One of the world’s questions to Christians is often phrased this way…where is your Good Shepherd in the face of, say, 700 boat people fleeing poverty in Africa for the European continent who end up drowning when their small boat overturns and there is no one to rescue them? Where is the good shepherd in the face of earthquakes and volcanic eruptions? Where is the good shepherd when a man chooses to kill his ex-wife and all of his step children? The questions all start with a false premise – that any real God worth his salt would first come to remove from us all the things that detract from our happiness, and second would come to remove all the things that make us suffer. God’s coming is not about our happiness – but rather about abundant life…a hard message to hear.

The earthquake in Nepal reminded me of a story I had read about an earthquake in southern Italy in the early 1980’s. A reporter and cameraman hiked over the destroyed road to get into this area, where almost 3,000 had been killed while asleep when their stone homes collapsed, just before Christmas. People were sleeping in the open, the living among the dead. The reporter arrived on Christmas Eve to witness an incredible sight, “a group of people in a sort of procession. The cameramen couldn’t focus for crying. Coming along the road was a young woman dressed as Mary with child, and a man dressed as St. Joseph beside her, going from house to house, begging for a room for the night—the Italian version of our nativity tableaus. Homeless men and women, some of whom had lost everything, walking with the homeless Christ!”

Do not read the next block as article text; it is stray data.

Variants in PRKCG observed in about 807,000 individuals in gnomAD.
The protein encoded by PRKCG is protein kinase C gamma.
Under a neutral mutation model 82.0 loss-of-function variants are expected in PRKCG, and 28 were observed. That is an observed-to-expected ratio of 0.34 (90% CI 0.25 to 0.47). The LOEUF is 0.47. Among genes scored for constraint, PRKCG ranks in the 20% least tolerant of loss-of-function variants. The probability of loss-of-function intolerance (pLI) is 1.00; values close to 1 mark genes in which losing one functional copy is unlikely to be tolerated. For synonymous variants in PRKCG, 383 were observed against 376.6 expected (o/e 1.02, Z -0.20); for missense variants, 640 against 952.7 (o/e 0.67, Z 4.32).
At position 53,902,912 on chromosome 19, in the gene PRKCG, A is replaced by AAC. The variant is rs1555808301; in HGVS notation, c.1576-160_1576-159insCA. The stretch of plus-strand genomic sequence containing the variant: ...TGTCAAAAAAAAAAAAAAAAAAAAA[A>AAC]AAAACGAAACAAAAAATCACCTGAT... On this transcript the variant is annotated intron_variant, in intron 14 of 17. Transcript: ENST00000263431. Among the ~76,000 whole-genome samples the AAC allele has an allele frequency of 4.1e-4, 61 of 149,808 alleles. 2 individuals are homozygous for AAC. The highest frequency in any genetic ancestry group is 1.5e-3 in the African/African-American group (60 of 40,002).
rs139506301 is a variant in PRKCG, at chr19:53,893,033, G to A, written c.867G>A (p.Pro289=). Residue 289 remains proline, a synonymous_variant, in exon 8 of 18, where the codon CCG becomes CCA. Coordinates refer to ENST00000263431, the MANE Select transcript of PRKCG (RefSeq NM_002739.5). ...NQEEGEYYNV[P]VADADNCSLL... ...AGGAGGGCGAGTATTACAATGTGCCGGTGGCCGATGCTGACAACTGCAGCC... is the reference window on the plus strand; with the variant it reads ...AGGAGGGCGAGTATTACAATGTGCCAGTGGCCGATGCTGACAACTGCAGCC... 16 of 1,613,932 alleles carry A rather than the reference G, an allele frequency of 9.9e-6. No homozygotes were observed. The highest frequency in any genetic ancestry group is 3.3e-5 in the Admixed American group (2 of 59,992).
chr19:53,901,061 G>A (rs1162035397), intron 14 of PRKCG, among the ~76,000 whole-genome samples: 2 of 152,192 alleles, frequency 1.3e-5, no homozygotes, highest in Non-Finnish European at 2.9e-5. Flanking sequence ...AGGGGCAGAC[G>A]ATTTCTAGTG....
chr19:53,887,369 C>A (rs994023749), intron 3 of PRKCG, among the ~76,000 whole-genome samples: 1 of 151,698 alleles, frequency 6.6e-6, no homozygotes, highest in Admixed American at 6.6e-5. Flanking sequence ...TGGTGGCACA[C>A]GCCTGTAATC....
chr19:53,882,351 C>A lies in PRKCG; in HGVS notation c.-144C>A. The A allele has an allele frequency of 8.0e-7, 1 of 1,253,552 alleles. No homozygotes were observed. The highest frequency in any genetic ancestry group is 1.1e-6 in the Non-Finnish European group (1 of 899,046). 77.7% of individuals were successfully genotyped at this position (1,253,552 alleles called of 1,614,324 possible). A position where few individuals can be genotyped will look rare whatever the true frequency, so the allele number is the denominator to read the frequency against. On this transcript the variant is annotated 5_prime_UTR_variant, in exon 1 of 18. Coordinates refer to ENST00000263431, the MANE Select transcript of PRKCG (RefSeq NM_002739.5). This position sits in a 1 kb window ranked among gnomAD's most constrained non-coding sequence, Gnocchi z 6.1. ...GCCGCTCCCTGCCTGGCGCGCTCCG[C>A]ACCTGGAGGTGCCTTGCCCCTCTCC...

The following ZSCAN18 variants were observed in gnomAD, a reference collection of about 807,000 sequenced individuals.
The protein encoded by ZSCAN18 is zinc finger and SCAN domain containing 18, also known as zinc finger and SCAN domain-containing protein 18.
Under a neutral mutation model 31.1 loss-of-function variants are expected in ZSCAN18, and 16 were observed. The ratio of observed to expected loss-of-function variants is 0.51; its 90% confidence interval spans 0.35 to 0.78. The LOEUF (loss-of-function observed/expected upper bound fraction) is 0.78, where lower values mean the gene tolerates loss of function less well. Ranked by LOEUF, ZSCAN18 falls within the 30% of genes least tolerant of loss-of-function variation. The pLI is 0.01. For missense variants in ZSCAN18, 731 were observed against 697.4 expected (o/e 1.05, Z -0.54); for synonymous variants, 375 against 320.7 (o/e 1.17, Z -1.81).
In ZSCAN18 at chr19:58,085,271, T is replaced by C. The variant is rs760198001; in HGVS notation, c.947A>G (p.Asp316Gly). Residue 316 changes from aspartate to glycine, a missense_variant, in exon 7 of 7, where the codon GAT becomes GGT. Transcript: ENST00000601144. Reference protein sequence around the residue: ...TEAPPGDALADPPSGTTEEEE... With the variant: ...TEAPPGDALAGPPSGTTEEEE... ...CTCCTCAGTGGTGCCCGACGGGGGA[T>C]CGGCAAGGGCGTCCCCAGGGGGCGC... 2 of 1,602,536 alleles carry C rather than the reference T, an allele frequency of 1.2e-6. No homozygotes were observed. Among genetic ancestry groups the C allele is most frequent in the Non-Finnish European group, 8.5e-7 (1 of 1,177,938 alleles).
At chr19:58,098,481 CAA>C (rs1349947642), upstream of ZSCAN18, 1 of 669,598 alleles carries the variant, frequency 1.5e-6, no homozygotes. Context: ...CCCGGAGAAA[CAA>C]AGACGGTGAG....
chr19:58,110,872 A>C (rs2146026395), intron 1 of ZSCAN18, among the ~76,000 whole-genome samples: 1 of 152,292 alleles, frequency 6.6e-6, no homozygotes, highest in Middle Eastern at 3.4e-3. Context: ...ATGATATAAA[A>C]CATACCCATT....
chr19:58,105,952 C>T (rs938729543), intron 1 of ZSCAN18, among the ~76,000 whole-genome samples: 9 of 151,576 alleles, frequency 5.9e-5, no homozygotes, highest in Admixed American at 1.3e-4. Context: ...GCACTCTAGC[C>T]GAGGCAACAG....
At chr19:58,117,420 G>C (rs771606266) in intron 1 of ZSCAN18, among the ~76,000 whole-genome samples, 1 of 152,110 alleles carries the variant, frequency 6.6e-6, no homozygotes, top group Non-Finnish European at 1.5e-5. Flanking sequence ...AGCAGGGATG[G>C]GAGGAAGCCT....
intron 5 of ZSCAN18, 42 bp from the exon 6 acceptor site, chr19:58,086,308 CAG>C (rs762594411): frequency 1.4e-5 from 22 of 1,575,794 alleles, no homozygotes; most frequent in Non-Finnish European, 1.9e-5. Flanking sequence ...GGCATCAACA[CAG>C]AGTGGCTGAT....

The reporter is left with a sudden realization. Jesus does not come to earth as the Son of God to take away our troubles and suffering, but rather has redeemed those sufferings by coming to share in them to the fullest. The reason there is one flock, and one shepherd is not because Jesus as magician comes to change the world to something safe, but rather because by coming and laying down his life willingly, all this world becomes redeemed. All things bend to God’s will, and so now even the most horrific situation we are faced with in our lives may be met with the words of Job: “Naked I came from my mother’s womb, and naked shall I return. The Lord gave, and the Lord has taken away; blessed be the name of the Lord.” So, the coming of the Good Shepherd casts all of we sheep out of the safety of the sheepfold into the wilderness, where He goes before us, and we follow because we recognize his voice.